Soon, Google could hold the trademark to the word "Glass."
In an attempt to curb any copycatting of its computer-enabled eyeglass, the tech giant has been working to trademark the term "Glass" when written in Google's stylized marketing logo font, according to The Wall Street Journal.
While the US Patent and Trademark Office allowed for the trademark of "Google Glass," it's having concerns about trademarking a generic term like "Glass," according to the Journal.
In a letter (PDF) sent to Google last September, the Trademark Office wrote that "Glass" is a descriptive generic word and therefore can't be trademarked. The office also said that the trademark request was too much like other existing or pending trademarks that use "Glass."
Google has since responded with a 1,928-page letter (roughly 1,900 pages were news articles about Google Glass) detailing the company's case for such a trademark, according to the Journal. Google said that its Glass wearable is well-enough known that it could be distinctive among the other "Glass" trademarks. Additionally, it said that "Glass" isn't actually a Glass descriptor since the device doesn't actually have any glass in it.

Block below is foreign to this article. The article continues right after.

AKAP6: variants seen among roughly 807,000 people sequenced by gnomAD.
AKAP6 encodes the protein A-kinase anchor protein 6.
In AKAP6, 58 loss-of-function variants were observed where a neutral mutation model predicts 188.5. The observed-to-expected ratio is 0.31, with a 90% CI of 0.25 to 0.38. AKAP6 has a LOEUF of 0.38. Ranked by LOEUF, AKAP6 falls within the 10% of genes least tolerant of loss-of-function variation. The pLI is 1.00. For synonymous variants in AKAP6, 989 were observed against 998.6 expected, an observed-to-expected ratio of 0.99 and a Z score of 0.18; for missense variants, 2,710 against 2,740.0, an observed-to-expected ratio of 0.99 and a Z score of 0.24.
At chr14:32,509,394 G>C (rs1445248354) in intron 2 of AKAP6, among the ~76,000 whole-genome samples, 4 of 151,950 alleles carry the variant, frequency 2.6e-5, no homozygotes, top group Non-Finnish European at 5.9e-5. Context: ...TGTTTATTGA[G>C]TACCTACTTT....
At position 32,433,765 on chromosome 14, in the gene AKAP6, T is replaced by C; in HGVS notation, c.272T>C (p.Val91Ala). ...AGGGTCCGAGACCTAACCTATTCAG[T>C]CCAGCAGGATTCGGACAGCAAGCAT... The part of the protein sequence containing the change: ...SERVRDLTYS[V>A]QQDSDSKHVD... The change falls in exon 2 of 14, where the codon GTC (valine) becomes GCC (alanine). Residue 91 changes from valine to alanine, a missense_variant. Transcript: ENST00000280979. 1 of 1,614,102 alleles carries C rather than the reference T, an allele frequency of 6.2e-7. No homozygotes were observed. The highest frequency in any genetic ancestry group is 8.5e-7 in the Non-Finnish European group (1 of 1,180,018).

The word "Glass" alone does not "inform potential consumers as to the nature, function or use" of the wearable, Google said, according to the Journal.
Google isn't the first tech company that's tried to trademark a generic term associated with a name of one of its products. Facebook has tried to trademark the word "book" and already has the trademarks to "F," "Face," "FB," "Wall," and "Facepile." Instagram has tried to stop other apps from using "Insta," "Gram," and "IG." Apple has battled Amazon in court over the use of "app store;" and Zynga has sued other companies that tried using the "with friends" moniker.
When contacted by CNET, a Google spokesperson said, "Google, like many businesses, takes routine steps to protect and register its trademarks."
It's unclear if the Trademark Office will see Google's viewpoint and allow for the "Glass" trademark.